What you should know about retirement savings
When you're thinking ahead about retirement plans, tax planning should be part of your decision-making from the beginning. Depending on your situation you may qualify for either a tax-deferred, a tax-exempt account, you might have the option or the necessity to choose a 403(b) plan or even a Solo 401(k). Either way, your retirement savings account might be one of the most important financial decisions one can make, so it's important to know their differences and how each of them works, as well as their advantages and disadvantages. Check it out.
Tax-Deferred Retirement Accounts
Tax-deferred accounts allow you to realize immediate tax deductions up to the full amount of your contribution, but future withdrawals from the account will be taxed at your ordinary income rate. The most common tax-deferred retirement accounts in the United States are traditional IRAs and 401(k) plans. Essentially, as the name of the account implies, taxes on income are "deferred" to a later date.
For 2020 and 2021, individuals are allowed to contribute as much as $19,500 to a 401(k) plan, plus a $6,500 catch-up contribution if they are 50 or older. For 2020 and 2021, you can contribute a maximum of $6,000 to a traditional IRA (those 50 or over can add an additional $1,000).
Participation in a workplace plan and the amount you earn may also reduce the deductibility of some of your traditional IRA contributions.
Tax-Exempt Retirement Accounts
Tax-exempt accounts don't deliver a tax benefit when you contribute to them. Instead, they provide future tax benefits; withdrawals at retirement are not subject to taxes. Since contributions into the account are made with after-tax dollars, there is no immediate tax advantage. The primary advantage of this type of structure is that investment returns grow tax-free.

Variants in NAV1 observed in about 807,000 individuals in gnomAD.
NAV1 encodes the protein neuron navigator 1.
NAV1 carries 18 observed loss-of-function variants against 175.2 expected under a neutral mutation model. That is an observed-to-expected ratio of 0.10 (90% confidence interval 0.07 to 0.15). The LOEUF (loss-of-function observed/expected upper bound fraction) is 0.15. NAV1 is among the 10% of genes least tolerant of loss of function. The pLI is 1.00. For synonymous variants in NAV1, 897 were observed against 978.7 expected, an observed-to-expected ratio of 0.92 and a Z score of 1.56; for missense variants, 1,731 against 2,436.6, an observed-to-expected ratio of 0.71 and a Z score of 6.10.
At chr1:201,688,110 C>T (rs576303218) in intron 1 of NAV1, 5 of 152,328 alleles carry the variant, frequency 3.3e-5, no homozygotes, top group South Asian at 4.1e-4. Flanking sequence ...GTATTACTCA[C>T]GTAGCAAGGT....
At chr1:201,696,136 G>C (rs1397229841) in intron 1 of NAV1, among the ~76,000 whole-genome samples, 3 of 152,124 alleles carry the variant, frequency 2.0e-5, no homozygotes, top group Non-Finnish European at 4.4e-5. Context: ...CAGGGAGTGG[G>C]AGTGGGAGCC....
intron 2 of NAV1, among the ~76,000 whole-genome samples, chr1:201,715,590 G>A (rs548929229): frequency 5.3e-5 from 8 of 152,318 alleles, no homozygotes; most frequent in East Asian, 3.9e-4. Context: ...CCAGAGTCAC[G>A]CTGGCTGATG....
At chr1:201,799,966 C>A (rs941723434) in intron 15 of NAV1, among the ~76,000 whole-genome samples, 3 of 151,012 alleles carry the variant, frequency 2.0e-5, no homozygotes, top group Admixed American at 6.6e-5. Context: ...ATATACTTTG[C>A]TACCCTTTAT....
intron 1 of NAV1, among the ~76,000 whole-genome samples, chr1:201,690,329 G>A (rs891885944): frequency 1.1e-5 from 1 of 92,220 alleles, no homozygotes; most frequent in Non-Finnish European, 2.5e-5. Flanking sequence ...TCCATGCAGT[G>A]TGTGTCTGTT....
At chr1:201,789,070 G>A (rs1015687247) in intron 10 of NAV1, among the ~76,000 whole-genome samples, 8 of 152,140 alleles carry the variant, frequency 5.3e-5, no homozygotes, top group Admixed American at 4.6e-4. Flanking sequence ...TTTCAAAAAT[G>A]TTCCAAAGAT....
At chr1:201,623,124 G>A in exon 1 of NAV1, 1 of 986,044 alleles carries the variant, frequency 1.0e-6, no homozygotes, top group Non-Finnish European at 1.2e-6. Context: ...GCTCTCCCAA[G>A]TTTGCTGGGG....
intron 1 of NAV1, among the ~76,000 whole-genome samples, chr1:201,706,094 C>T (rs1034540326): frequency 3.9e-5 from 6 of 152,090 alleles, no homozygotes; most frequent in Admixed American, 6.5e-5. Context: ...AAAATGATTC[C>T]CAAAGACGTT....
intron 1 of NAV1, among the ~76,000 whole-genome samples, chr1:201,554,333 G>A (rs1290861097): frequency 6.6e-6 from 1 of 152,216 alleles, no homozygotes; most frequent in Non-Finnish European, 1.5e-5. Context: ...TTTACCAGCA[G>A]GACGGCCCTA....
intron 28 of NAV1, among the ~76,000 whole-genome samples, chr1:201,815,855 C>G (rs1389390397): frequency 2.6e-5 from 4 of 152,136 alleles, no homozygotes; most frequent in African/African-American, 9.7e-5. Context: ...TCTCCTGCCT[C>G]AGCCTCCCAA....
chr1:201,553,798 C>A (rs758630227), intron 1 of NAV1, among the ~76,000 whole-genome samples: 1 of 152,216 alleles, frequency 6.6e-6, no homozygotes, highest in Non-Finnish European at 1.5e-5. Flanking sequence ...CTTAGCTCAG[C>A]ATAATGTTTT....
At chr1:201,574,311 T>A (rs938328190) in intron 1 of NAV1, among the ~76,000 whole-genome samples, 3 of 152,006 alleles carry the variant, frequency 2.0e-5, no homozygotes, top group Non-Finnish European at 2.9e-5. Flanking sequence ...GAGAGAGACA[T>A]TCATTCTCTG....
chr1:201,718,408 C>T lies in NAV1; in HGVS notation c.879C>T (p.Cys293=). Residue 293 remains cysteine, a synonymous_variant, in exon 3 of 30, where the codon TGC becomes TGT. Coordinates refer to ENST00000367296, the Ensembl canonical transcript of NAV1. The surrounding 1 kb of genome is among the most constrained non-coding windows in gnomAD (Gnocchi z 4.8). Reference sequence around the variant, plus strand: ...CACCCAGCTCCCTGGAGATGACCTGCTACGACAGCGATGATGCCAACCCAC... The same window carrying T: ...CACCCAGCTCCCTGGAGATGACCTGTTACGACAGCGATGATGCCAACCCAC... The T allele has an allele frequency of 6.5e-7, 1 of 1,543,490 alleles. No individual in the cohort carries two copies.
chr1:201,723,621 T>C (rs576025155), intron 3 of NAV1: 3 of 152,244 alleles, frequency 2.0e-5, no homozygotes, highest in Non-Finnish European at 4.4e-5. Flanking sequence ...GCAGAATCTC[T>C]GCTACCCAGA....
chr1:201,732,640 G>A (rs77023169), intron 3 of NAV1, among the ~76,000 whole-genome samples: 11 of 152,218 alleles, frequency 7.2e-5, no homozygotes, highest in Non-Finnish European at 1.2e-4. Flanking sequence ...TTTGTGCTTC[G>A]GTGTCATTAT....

Popular tax-exempt accounts in the U.S. are the Roth IRA and Roth 401(k).
With a tax-deferred account, taxes are paid in the future, but with a tax-exempt account, taxes are paid right now. However, by shifting the period when you pay taxes and allowing for tax-free investment growth, major advantages can be realized.
Because the benefits of tax-exempt accounts are realized as far as 40 years into the future, some people ignore them. However, young adults who are either in school or are just starting work are ideal candidates for tax-exempt accounts. At these early stages in life, their taxable income and the corresponding tax bracket are usually minimal but will likely increase in the future.
By opening a tax-exempt account and investing the money into the market, an individual will be able to access these funds along with the additional capital growth without any tax concerns. Since withdrawals from this type of account are tax-free, taking money out in retirement will not push someone into a higher tax bracket.
A 403(b) plan is a retirement account for certain employees of public schools and tax-exempt organizations. Participants include teachers, school administrators, professors, government employees, nurses, doctors, and librarians.